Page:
I spend a little time then looking at our budget for the month and where we stand. And then I find myself asking Lisa “Ok, but how much will that cost?” way too often.
What I’m trying to say is that we have enough money to support our lifestyle but it has the potential to get cramped relatively quickly. And that’s something I don’t like.
We’re what most folks would constitute as “regular” FIRE since we aren’t cutting back on our lifestyle to live our lives. But adding in a lot of extra spending can muddy the waters somewhat. We have enough money for our normal lifestyle but doing a lot of things out of the norm for us can make me cringe a little.
We have a small cushion built in every year but I don’t like to see that eaten up. I would prefer to not spend as much of it, which would effectively bring down our withdrawal rate. That’s my safety blanket.
Put another way, it’s not that we can’t afford the extras but those extras can make it tight enough to make me a little anxious. Does that make sense?
It’s also a reason I have a hard time with folks on the far end of the spectrum chasing after Lean FIRE. Setting yourself up for a life of cutting back is unlikely to work well for most of us over the long haul. If it works for you, great. But the restrictions you could be placing on yourself can make life almost not worth living.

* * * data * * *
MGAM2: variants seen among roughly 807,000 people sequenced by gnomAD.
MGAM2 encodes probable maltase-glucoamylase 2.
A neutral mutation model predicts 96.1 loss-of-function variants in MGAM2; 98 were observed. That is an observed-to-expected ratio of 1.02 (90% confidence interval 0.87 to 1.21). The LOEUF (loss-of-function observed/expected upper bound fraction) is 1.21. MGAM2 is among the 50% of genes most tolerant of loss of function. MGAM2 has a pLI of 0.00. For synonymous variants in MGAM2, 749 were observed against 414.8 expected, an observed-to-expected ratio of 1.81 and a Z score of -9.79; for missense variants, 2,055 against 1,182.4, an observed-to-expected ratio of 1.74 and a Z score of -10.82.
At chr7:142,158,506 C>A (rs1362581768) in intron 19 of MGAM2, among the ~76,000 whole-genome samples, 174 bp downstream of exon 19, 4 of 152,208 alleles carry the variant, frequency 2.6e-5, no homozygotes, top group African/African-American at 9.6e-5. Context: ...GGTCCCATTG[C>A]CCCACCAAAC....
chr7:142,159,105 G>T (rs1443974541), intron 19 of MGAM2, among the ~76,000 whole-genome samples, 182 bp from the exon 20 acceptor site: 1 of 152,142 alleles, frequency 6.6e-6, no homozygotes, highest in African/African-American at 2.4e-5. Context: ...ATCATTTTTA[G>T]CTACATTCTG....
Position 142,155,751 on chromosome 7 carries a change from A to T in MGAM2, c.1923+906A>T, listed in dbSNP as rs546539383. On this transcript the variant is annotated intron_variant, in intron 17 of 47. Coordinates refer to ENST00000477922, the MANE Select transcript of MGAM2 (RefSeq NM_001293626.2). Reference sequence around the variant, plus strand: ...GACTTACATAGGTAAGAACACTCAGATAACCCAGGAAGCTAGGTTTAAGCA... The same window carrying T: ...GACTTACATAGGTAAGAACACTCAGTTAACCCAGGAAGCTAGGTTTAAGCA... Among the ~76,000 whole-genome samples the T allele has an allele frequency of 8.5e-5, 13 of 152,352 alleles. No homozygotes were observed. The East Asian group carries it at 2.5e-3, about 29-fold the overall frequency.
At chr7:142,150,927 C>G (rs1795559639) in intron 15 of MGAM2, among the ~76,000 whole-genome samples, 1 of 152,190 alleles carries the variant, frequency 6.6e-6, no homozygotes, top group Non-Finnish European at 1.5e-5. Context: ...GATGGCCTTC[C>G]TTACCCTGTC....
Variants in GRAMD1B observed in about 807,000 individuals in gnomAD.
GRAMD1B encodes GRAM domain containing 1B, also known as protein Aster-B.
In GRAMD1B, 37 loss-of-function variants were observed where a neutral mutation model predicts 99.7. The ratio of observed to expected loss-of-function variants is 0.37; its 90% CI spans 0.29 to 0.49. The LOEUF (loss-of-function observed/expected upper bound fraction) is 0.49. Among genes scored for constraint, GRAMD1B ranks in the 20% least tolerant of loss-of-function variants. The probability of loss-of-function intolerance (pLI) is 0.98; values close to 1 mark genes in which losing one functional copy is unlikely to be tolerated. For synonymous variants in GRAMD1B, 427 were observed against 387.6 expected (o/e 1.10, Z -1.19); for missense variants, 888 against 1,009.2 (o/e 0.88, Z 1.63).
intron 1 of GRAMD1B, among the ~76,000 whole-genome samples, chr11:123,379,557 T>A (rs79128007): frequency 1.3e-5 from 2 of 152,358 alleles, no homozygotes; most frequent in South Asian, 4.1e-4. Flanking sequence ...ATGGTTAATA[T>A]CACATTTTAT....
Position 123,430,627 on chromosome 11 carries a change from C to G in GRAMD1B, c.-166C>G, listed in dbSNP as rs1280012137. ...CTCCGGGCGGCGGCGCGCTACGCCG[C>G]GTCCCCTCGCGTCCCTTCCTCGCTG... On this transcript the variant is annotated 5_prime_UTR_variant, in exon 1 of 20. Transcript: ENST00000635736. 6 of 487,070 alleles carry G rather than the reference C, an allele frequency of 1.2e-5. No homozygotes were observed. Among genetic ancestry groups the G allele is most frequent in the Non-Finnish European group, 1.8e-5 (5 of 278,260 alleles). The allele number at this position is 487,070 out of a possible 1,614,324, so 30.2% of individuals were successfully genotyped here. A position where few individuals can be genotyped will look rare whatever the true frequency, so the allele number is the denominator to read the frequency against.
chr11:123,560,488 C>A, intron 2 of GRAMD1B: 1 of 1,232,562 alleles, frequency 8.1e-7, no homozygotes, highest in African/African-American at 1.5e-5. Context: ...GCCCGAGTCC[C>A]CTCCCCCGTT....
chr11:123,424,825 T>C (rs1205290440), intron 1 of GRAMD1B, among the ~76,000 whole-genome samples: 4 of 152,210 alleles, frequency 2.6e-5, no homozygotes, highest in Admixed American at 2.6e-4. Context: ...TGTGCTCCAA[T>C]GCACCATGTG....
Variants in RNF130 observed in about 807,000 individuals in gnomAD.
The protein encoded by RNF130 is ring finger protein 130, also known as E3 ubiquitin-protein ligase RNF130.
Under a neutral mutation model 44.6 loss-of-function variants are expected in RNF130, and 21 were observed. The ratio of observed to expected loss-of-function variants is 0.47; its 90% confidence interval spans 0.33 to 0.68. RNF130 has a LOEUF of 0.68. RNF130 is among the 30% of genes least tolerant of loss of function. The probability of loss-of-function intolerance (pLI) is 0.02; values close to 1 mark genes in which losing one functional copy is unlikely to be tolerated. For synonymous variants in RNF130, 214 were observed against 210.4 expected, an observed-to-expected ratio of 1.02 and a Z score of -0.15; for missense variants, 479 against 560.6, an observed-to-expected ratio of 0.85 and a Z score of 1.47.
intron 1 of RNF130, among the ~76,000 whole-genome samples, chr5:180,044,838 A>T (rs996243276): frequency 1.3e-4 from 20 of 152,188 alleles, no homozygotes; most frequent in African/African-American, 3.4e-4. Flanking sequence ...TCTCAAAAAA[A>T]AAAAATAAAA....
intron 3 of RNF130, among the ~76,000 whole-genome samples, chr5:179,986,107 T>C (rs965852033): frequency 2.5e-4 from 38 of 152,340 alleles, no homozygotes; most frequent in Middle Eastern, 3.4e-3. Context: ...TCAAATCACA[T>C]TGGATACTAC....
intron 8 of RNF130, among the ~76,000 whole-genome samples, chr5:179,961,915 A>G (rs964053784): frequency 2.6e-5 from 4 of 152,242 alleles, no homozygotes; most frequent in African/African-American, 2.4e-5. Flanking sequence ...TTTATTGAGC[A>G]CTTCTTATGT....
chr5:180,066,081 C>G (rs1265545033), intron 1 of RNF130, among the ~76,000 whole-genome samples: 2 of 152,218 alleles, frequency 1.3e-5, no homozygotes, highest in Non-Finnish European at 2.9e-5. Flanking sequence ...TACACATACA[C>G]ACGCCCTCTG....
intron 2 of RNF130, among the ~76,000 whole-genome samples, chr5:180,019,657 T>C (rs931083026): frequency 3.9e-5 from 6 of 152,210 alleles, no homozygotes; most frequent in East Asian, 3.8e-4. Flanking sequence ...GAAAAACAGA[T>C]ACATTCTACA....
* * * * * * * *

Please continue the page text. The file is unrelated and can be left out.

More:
How we plan to get there…
Ok, right off the rip, it’s important to realize that our expenses aren’t as predictable right now as I’d like them to be.
The travel that we’re required to do as perpetual tourists back and forth out of Panama can swing dramatically. Sometimes it can cost a small amount with our travel rewards. But as we’ve been running out of those, the cost can easily be a couple thousand dollars or more.
Spending day after day out meeting friends and family each time we visit is also a cost that’s not very easily calculable. Those get-togethers can be anywhere from $25-$100 each time. One or two of these aren’t a big deal, but 20 of them on a visit adds up.